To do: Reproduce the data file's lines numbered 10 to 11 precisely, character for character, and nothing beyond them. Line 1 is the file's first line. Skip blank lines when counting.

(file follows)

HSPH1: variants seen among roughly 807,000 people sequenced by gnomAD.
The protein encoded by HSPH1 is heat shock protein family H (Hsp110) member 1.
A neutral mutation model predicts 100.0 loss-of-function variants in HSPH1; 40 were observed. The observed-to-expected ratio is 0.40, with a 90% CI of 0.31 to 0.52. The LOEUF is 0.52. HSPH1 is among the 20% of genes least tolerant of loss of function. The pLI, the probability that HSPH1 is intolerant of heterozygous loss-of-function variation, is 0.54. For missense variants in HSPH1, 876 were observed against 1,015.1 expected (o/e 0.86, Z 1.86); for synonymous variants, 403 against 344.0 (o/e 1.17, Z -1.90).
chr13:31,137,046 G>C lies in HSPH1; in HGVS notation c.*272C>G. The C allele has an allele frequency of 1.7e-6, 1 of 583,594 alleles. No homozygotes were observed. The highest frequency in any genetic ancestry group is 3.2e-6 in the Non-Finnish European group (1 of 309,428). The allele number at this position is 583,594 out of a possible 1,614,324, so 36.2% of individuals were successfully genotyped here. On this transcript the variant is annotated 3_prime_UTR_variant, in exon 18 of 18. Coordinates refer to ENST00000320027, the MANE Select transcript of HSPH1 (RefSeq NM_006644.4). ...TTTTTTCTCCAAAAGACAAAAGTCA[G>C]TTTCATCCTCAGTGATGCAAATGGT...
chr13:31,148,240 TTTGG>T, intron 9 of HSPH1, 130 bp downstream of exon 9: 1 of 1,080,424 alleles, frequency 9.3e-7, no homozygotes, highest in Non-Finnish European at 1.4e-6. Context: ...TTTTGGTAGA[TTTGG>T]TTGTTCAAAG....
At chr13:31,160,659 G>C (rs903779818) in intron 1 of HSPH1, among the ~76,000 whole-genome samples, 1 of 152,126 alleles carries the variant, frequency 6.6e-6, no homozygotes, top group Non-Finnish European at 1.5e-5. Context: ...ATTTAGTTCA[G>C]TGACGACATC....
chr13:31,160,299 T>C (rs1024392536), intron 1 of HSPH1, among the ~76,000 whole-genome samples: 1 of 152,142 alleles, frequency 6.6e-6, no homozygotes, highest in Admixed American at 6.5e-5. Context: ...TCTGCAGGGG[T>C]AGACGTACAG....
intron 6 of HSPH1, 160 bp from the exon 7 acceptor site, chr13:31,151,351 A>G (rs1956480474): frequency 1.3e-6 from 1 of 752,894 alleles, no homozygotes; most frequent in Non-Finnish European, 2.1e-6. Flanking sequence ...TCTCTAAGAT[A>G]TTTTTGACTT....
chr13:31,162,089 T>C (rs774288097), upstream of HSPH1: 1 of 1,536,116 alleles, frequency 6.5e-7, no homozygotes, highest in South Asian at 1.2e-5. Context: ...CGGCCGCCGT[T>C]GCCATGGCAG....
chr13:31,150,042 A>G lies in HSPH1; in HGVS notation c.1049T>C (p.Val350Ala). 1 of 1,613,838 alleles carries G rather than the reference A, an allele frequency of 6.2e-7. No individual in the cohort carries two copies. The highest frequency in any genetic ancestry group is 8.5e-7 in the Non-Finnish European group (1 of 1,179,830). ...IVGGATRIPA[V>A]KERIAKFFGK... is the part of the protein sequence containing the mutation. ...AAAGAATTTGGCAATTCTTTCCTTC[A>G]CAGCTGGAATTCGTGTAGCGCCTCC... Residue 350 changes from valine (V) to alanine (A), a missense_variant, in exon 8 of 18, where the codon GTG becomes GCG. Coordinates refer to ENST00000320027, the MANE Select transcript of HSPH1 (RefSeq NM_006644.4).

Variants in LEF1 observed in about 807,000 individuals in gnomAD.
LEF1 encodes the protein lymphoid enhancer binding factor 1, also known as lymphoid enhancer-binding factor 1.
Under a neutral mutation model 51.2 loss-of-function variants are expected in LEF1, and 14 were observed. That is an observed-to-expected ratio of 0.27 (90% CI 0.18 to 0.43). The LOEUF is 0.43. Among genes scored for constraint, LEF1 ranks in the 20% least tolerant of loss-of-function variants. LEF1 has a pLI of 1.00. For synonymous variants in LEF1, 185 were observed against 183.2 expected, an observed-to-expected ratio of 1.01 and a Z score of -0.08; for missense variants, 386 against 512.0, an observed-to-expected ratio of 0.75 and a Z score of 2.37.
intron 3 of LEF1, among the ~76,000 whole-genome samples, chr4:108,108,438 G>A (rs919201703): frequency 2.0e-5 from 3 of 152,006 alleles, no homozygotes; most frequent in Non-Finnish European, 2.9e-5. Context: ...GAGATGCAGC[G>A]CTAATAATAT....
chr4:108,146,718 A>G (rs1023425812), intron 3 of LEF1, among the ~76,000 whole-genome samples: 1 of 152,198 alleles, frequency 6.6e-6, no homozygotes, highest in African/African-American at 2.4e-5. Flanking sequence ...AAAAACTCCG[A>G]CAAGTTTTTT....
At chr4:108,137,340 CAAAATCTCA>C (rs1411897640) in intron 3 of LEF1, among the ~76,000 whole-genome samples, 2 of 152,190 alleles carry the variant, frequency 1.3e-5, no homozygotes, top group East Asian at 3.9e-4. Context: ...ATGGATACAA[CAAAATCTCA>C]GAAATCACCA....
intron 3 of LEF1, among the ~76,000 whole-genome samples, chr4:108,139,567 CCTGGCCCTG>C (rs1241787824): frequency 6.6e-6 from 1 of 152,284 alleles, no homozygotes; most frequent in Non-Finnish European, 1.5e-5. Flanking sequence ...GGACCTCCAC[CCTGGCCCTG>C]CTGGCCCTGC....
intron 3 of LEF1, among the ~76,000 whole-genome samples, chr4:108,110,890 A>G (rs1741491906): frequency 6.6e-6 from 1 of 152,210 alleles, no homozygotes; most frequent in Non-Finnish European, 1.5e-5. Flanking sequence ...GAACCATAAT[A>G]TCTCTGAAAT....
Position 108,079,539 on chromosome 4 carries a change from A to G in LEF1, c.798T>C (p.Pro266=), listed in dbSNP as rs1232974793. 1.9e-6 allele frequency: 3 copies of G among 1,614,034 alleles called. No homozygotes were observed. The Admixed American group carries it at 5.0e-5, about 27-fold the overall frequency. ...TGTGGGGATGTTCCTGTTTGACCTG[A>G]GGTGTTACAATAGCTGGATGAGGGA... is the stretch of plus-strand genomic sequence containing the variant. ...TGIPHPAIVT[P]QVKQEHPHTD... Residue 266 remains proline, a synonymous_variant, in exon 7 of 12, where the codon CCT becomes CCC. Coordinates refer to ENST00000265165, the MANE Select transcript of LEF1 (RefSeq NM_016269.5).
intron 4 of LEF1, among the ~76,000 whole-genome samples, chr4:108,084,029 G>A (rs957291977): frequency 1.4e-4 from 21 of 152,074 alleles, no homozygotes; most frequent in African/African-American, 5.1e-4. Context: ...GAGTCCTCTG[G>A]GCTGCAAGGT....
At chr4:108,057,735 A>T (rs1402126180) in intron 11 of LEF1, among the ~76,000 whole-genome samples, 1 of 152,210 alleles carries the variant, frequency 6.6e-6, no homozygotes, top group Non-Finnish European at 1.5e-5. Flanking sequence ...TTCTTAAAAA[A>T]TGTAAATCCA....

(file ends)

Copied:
chr13:31,150,042 A>G lies in HSPH1; in HGVS notation c.1049T>C (p.Val350Ala). 1 of 1,613,838 alleles carries G rather than the reference A, an allele frequency of 6.2e-7. No individual in the cohort carries two copies. The highest frequency in any genetic ancestry group is 8.5e-7 in the Non-Finnish European group (1 of 1,179,830). ...IVGGATRIPA[V>A]KERIAKFFGK... is the part of the protein sequence containing the mutation. ...AAAGAATTTGGCAATTCTTTCCTTC[A>G]CAGCTGGAATTCGTGTAGCGCCTCC... Residue 350 changes from valine (V) to alanine (A), a missense_variant, in exon 8 of 18, where the codon GTG becomes GCG. Coordinates refer to ENST00000320027, the MANE Select transcript of HSPH1 (RefSeq NM_006644.4).

Variants in LEF1 observed in about 807,000 individuals in gnomAD.